With subsequent breaths forty percent of the air remains as residual air in the open alveoli and breathing becomes much easier. A premature baby who does not have enough surfactant in its lungs will continue to have to exert enormous effort with later breaths because all its alveoli will continue to collapse with each exhalation and must be totally opened again with each new breath.

This condition called Respiratory Distress Syndrome (RDS) is, of course, very serious; mortality rates may vary from thirty to sixty percent (Evans and Glass, 1976). It is also known as Hyaline Membrane Disease because serum and cell debris leak into the alveoli and bronchioles and coat them with a glassy covering which makes breathing even harder. The longer a baby can survive, the more of a chance it has of making surfactant although there is always the probability of brain damage due to lack of oxygen in the brain (hypoxia).

The best cure is prevention of premature birth if possible. Doctors now have a test which enables them to tell if the fetus’s lungs are mature enough to breathe air. By amniocentesis they take a sample of amniotic fluid and test it for both the presence of lecithin and another chemical called sphingomyelin. If the L/S ratio is at least 2.0 it is a good indication that the lungs are producing enough lecithin for survival. If the ratio is lower, then everything possible is done to ensure that the mother will not give birth yet.

The respiratory system does not finish growing at birth in contrast, for instance, to the skeletal muscular system where all the fibers we will have as adults have been produced by the fourth fetal month (Crelin, 1973). At birth each of our lungs has about 25 million alveoli and this increases to about 300 million by the time we are adults (Crelin, 1973). Flattening out all our alveoli and bronchial tubes (if we were so inclined) would give a surface area of about eighty square meters, the same as a tennis court (Clements, 1962).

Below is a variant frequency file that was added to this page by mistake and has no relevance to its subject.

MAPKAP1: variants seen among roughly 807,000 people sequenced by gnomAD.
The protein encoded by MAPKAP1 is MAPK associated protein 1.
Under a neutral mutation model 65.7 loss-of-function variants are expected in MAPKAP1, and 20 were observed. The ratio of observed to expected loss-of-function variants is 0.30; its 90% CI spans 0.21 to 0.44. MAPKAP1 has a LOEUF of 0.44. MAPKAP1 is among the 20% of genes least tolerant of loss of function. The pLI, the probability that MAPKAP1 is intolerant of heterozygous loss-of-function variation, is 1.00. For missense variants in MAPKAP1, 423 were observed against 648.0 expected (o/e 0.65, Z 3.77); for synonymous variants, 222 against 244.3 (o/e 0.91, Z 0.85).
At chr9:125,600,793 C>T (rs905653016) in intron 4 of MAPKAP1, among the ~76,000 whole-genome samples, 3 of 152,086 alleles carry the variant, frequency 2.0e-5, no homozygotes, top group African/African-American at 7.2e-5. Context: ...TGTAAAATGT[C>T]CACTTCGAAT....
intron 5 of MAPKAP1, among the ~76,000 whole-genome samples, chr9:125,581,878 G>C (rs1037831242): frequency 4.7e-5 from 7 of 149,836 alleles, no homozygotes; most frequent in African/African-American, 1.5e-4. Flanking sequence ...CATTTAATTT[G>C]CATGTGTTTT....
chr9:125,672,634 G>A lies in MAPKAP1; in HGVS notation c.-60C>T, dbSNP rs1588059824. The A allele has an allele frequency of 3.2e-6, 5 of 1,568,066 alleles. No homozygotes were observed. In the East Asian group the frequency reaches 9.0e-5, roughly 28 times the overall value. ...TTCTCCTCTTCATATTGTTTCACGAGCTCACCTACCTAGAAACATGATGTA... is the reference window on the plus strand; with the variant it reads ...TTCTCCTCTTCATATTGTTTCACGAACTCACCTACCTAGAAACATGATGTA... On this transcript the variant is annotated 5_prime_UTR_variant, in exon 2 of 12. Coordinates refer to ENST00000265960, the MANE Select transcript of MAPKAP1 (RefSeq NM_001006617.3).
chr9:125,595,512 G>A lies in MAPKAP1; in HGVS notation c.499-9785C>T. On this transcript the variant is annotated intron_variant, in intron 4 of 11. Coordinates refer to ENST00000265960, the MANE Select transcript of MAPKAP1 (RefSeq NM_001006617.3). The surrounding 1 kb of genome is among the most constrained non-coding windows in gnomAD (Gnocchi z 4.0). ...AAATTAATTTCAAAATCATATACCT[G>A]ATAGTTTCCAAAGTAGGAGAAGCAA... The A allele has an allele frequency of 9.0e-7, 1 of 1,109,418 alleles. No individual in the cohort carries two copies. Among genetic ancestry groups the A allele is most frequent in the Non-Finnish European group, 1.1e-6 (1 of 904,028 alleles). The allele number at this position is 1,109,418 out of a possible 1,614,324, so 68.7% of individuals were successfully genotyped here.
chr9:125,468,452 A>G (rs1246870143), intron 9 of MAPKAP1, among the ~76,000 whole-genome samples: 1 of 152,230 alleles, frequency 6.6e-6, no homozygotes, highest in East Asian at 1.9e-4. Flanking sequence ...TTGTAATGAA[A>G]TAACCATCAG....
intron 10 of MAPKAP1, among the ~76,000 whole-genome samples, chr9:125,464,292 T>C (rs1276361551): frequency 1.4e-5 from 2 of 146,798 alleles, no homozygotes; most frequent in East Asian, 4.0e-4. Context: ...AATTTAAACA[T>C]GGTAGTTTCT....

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Activities:

1. Lab Demonstration; Surface tension is the force that pulls together the surface molecules of a liquid, thus forming a “skin”. Very carefully float a needle on the surface of a dish of water. Now place a sliver of soap in the water. It works to reduce the surface tension (as does surfactant) and the needle sinks.

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The Circulatory System:

In the fetal circulation all the blood flows through the placenta which supplies the fetus with food and oxygen. Only five to ten percent of the fetal blood moves through the nonfunctioning lungs, just enough to keep them alive.